First published in August 2013, Professor Kirk Ambrose’s book took an unusual approach to the monsters depicted in so much medieval art and architecture. What if these fearsome creatures articulated much more than simply fear? It’s a refreshing take on a huge segment of medieval art (specifically in the book’s case sculpture in religious buildings) and one that helps explain the extraordinary imagination that was poured into so many of these creations. Now that his book has been published in paperback, Professor Ambrose gives us his latest thoughts on the subject.
During the twelfth century, artists across Europe carved thousands of wooden and stone monsters into the fabric of churches, as well as in a variety of secular buildings. Some of these fantastic creatures correspond to types, such as sirens and griffins, with roots in antiquity. Others appear to be the spontaneous improvisations of artists, who would inventively combine motifs, such as feathers, pointed teeth, and snake tails. Why was so much artistic energy and so much expense dedicated to fashioning these monsters?
The recent, and gratifying, release in paperback of my book on monsters in Romanesque sculpture prompted me to revisit this question. I firmly believe that far from being marginal curiosities, monsters can shed light on central aspects of culture, including what is valued, what is demonized, and how creativity itself is understood. Positive reviews of my book, including those by Scott Brown (Burlington Magazine), Christopher Howse (Daily Telegraph), and Colum Hourihane (Speculum), have likewise recognized the promise that studying monsters holds. Indeed, this sentiment has continued to grow among medievalists since 2013, when my book first appeared, as attested by numerous publications and museum exhibitions dedicated to the topic of the monstrous. While a comprehensive survey would run many pages, exemplary of this trend are the exhibition currently on view at the Morgan Library in New York City, Medieval Monsters: Terrors, Aliens, Wonders, and an exhibition opening in May 2019 at the Getty Museum in Los Angeles, Book of Beasts: The Bestiary in the Medieval World. Museums are especially welcome interlocutors, for they effectively engage broad, diverse audiences.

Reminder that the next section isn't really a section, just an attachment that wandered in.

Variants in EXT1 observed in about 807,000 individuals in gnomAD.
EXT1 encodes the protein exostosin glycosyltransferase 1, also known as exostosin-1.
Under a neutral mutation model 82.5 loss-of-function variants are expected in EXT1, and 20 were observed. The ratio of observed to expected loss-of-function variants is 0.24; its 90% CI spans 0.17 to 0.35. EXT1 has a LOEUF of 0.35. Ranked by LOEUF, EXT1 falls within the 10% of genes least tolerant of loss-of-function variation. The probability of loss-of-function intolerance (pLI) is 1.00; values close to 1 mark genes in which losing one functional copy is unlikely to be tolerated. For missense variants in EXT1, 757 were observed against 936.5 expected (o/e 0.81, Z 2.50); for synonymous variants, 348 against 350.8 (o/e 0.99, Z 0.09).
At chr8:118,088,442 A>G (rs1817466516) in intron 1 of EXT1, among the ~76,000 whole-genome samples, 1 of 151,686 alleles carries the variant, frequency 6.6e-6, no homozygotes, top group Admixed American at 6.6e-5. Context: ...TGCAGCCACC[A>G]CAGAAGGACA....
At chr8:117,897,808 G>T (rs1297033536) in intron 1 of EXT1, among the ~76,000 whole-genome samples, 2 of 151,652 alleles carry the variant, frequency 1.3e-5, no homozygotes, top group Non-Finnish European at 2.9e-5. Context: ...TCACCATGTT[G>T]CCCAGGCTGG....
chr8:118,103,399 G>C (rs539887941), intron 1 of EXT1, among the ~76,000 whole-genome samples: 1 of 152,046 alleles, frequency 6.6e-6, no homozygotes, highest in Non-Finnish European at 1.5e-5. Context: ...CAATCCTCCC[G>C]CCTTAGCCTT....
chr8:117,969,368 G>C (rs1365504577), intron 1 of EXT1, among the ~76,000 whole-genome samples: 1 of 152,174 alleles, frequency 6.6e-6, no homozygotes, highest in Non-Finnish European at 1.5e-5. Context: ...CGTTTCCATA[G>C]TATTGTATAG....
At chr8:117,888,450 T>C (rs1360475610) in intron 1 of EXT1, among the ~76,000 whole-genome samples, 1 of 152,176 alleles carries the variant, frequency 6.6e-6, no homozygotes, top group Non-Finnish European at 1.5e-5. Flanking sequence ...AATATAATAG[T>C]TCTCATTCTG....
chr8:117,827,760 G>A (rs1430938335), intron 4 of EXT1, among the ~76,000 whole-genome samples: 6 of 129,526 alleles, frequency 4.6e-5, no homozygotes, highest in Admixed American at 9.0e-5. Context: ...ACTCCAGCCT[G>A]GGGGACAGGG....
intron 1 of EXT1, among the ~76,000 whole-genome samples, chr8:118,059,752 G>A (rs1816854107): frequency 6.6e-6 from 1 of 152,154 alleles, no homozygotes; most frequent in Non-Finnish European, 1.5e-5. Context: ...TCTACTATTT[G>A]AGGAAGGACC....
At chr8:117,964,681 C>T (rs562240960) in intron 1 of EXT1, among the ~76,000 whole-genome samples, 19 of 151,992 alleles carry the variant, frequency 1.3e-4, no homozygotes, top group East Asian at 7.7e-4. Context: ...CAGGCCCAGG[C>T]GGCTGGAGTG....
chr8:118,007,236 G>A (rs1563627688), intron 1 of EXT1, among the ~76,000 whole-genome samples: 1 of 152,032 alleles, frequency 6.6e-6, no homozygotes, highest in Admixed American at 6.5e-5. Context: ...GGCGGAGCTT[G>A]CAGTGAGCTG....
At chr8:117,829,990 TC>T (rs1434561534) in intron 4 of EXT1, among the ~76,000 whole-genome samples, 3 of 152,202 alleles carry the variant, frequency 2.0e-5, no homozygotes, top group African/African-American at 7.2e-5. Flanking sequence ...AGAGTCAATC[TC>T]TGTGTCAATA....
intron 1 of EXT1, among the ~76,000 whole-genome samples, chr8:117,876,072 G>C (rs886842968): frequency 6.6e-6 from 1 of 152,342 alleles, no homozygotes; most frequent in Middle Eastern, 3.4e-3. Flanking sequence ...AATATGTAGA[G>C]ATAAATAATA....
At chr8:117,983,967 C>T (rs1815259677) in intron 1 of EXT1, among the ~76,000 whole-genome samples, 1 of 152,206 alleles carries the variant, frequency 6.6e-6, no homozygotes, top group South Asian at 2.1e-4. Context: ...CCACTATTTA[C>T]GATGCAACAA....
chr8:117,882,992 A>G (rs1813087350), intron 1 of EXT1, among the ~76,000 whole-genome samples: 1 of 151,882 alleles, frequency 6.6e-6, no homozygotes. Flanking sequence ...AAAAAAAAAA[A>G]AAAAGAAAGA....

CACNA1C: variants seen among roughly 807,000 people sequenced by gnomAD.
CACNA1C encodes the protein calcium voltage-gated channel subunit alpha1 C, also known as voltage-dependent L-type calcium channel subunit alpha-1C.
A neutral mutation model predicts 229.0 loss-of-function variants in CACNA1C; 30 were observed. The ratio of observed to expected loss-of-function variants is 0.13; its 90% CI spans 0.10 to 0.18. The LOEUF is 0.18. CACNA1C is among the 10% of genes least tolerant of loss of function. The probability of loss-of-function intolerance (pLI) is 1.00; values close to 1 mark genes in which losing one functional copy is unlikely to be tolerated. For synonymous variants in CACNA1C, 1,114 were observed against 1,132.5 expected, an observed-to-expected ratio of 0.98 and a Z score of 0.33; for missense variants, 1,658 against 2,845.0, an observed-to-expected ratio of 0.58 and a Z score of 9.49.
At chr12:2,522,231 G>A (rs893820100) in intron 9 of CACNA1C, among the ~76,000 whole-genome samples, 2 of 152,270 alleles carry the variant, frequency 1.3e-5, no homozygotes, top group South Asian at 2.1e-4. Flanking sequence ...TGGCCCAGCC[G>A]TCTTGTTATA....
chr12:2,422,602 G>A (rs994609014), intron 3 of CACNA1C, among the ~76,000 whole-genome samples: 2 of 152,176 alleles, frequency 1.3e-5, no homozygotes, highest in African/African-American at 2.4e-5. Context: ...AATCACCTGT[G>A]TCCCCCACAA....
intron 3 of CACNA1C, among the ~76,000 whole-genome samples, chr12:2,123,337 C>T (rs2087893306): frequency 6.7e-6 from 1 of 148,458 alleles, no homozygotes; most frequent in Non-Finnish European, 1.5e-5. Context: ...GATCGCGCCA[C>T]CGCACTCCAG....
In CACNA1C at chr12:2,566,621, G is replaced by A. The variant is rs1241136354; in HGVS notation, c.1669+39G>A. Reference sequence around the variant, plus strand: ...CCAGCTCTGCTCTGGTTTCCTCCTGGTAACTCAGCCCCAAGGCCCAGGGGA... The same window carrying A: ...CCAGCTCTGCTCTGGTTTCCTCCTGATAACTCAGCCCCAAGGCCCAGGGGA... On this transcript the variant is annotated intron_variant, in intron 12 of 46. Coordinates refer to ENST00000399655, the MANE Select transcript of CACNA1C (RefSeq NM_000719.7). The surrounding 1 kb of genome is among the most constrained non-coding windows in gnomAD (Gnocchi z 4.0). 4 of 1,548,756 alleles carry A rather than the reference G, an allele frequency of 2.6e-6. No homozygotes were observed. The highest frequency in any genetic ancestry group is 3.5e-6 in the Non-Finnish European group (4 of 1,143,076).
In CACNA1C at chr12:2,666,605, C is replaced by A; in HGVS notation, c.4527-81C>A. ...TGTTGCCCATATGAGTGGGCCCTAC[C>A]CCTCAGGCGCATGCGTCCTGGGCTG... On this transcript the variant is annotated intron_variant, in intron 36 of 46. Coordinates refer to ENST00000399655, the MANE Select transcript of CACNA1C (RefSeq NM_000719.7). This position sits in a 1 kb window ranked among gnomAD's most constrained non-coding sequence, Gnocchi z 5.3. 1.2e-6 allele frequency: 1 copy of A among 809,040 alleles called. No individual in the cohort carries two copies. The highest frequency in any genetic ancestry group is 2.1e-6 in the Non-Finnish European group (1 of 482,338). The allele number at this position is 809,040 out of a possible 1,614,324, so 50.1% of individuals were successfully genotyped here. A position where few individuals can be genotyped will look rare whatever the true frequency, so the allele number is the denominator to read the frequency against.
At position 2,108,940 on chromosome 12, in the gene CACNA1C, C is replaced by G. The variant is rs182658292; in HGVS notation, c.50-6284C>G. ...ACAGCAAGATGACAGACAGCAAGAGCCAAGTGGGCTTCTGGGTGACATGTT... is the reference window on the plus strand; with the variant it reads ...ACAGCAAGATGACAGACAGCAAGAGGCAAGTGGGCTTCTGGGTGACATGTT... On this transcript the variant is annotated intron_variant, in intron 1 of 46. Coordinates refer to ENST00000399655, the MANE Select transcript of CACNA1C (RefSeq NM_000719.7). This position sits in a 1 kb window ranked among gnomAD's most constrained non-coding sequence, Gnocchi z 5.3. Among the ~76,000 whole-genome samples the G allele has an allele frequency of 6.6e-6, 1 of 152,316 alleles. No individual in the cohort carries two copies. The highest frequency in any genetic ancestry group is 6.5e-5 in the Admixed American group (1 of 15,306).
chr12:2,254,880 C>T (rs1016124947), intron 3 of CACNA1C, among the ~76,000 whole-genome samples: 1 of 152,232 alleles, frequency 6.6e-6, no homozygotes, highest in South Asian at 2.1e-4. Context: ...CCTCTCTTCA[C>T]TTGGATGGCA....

I would note in a general way, however, that recent attention to monsters in the Middle Ages has gravitated toward later periods and largely focused on examples found in manuscript paintings. These trends are partly understandable given that architectural sculpture by its very nature is difficult or impossible to incorporate, say, within the context of a museum exhibition. Yet, I believe it is important to signal the continued need to consider the case of monumental Romanesque sculpture as the field of monster studies continues to develop. From the wooden stave churches of Norway to the monasteries of Portugal, from the stone fonts of England to the church portals of Hungary, carvings of monsters occupied remarkably public positions in twelfth-century life, the scope of which was unprecedented in Europe. The physical presence of sculpture, as Bernard of Clairvaux knew all too well, renders imaginary creatures salient, even to the point of distraction, for individuals as they move through built environments.
If Charles Homer Haskins’s epithet “Renaissance of the Twelfth Century” has fallen out of fashion, historians continue to recognize the period from 1000 to 1200 as transformative on many fronts, including in the domains of agriculture, literature, philosophy, technology, and, not least, the visual arts. That carvings of monsters were so imbricated into daily life during this period of fundamental change warrants attention if we are to fully understand developments in subsequent centuries. In short, I would argue that the twelfth century was a fundamental, perhaps even foundational, moment in the history of the monstrous in the West.